Opportunities for teens to make money this summer
Summer is a great time for high schoolers to earn some money and get some entrepreneurial experience by running their own business. For those students who think they may want to be a business owner someday, or who just want to earn a little money on their own terms, here are some tips for summer businesses for teens.
Treat it like a business – because it is
Lots of kids earn money by doing chores at home or for neighbors, but if you want to make a business out of it, you need to treat it like one.
Start by identifying the product or service you will offer, and who is likely to want or need it. You can let people know about your business by word of mouth, by posting on social media, or go old-school and drop off flyers at neighbor’s homes.
Next, you’ll need to determine how much to charge. If you have expenses (gas for your lawnmower if you’re planning to start a lawnmowing business, for example), determine what those are. Then figure out how much you want to earn per hour or per project. This should help you come up with price. Finally, find out how much others are charging for the same or similar services just to make sure you’re in the ballpark. Keep in mind that if you don’t have much experience you may need to charge less until you’ve been at it for a while.
Once you land that first customer, be sure to keep track of your expenses and your income. Opening a separate bank account can help, since everything that goes in and out is related to your business. Just make sure you pay all your expenses from that account, and put in the money you earn before paying yourself, just to keep your records straight.
What are good summer businesses for teens?
There are many options for teens to earn some money in the summer. Think about what you’re good at and what you like to do, and then figure out of you can make money from it. Here are some options:
- Detailing cars
- Pet sitting
- Errand service
- Arts and crafts business
- Day camp
- Technology support
- Social media influencer
- App or game development
You’re an entrepreneur!
Once you’ve figured out what product or service you’re going to provide, to whom, and for how much, and you’ve gotten that first customer, you’re in business! To make sure you stay that way, there are some details you’ll want to pay attention to.
Teens who start businesses will learn the advantages of earning their own money, but they will also need to learn the responsibilities that come with it. And that means income taxes. Anyone – no matter their age – who earns more than $400 net in self-employment earnings must file a tax return. The IRS considers them to be self-employed.
Even if a teen is claimed as a dependent by someone else, they need to file their own tax return if they meet the $400 threshold. This is another incentive to carefully document your expenses, as they can be deducted from gross income.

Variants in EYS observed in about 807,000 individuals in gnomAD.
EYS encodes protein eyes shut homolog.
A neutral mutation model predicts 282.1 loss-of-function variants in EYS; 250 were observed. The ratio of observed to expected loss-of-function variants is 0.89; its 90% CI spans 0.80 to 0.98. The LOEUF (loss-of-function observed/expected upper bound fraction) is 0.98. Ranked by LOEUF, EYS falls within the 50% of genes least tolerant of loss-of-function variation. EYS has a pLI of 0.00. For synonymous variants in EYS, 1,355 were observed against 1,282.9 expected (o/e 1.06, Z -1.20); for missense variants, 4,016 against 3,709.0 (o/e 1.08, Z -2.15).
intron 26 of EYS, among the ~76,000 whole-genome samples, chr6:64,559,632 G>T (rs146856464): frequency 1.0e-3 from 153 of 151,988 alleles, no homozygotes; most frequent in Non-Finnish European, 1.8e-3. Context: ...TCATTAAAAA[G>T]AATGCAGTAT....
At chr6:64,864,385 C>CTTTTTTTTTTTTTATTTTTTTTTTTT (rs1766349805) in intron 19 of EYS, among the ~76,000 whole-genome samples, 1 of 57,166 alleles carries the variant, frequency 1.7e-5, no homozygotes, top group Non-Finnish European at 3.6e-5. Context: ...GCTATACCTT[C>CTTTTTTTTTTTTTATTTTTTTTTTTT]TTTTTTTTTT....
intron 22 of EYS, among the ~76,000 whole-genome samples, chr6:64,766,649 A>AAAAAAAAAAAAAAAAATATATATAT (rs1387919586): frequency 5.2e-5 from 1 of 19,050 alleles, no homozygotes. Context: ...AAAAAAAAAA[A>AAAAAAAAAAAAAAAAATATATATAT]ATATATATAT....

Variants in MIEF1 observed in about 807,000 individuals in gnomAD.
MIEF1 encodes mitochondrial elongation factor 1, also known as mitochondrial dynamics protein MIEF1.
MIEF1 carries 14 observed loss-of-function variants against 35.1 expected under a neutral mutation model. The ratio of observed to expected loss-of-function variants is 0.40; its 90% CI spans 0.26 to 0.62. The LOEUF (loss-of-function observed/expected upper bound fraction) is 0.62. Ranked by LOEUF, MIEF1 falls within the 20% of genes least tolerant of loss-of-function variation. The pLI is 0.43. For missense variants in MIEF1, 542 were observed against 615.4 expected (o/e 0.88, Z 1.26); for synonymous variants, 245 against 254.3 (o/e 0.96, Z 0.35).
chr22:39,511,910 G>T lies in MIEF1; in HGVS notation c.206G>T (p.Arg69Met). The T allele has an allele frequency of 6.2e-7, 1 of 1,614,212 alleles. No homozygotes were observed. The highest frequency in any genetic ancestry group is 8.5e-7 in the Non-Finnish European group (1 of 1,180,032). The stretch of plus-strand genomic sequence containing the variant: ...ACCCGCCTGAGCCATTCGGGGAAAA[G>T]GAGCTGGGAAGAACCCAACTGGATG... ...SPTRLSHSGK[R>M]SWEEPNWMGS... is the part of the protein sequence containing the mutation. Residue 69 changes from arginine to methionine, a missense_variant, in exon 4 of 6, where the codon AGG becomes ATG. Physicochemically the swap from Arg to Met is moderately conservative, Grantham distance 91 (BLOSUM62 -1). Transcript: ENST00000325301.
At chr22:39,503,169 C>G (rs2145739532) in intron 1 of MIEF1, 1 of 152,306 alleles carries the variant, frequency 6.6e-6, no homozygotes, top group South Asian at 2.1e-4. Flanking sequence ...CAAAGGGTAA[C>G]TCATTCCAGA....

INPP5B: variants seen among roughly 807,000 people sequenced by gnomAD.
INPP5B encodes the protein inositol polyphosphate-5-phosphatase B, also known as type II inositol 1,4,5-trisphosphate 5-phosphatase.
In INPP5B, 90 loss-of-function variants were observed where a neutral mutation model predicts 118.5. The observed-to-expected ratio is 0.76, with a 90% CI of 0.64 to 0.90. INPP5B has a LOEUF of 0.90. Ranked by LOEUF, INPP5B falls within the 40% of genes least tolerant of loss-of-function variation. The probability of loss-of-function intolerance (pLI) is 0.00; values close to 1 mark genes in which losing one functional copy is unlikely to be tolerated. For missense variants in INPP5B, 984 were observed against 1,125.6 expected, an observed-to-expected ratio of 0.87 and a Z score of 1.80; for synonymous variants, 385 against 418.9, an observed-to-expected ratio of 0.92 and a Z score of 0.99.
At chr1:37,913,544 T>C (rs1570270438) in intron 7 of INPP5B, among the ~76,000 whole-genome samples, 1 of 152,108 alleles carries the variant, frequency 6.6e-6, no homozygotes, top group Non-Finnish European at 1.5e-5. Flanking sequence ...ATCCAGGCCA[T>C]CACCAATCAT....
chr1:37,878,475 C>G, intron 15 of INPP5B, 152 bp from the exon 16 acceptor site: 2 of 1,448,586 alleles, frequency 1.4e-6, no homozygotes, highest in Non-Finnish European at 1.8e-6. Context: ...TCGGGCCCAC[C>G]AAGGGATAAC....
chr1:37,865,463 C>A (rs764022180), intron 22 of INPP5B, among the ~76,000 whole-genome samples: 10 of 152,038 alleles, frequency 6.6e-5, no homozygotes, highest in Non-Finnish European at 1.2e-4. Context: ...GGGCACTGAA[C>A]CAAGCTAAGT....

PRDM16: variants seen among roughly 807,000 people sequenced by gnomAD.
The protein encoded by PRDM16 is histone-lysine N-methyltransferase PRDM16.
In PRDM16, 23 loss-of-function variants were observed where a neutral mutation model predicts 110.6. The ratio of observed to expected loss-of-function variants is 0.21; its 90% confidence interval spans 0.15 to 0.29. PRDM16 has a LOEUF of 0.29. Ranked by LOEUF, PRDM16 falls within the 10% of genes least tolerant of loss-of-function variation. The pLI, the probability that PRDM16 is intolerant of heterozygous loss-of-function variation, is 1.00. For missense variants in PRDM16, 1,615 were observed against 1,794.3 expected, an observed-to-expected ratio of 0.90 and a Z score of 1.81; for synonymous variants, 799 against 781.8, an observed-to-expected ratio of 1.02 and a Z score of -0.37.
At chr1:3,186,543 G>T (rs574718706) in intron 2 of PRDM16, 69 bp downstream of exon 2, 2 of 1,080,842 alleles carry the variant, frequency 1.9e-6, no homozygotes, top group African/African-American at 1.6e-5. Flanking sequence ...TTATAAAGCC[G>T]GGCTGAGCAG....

If your business idea takes off, you may find that you have more business than you can handle. While this is a good problem to have, you want to find a solution because no entrepreneur wants to turn down business! There are a couple of things you can do once you reach this point.
- Bring on help. If you have a like-minded friend or two who might also be looking to make a little money, see if they’d like to help you out. Be sure to discuss the details with them – writing everything down is a good idea. This includes what they’ll do, what days or hours they’ll work, and how much they’ll earn. You can pay them by the hour, or pay them a percentage of what each customer pays you. If you have overhead expenses, be sure to factor those in when determining how much you can pay.
- Raise your prices. If you want to continue to do all the work yourself, you may be in a position where you can raise your prices. This should result in fewer people wanting your service, but be sure you don’t raise them so high you put yourself out of business!
Remember, it’s important to maintain a good business reputation, so be sure you can keep your commitments to your customers. If you find you’re too busy, don’t take on any new customers until you can figure out how you’re going to expand. And if you can’t meet the schedule you’ve set, discuss it with your customers as soon as possible.
Your summer business could be just the beginning
On the Hiscox Side Hustle to Small Business® podcast, many entrepreneurs talk about their very first business, and it was often as a teenager. In fact, podcast host Sanjay Parekh, who is a serial technology entrepreneur, recounts his own start in business. He admits to taking part in ‘candy bar arbitrage,’ when he would buy candy at the store and resell it to his classmates during school, marking it up for a nice profit.
Just like Sanjay, if you can find a product or a service that people want and provide it at a good price, you can be an entrepreneur too.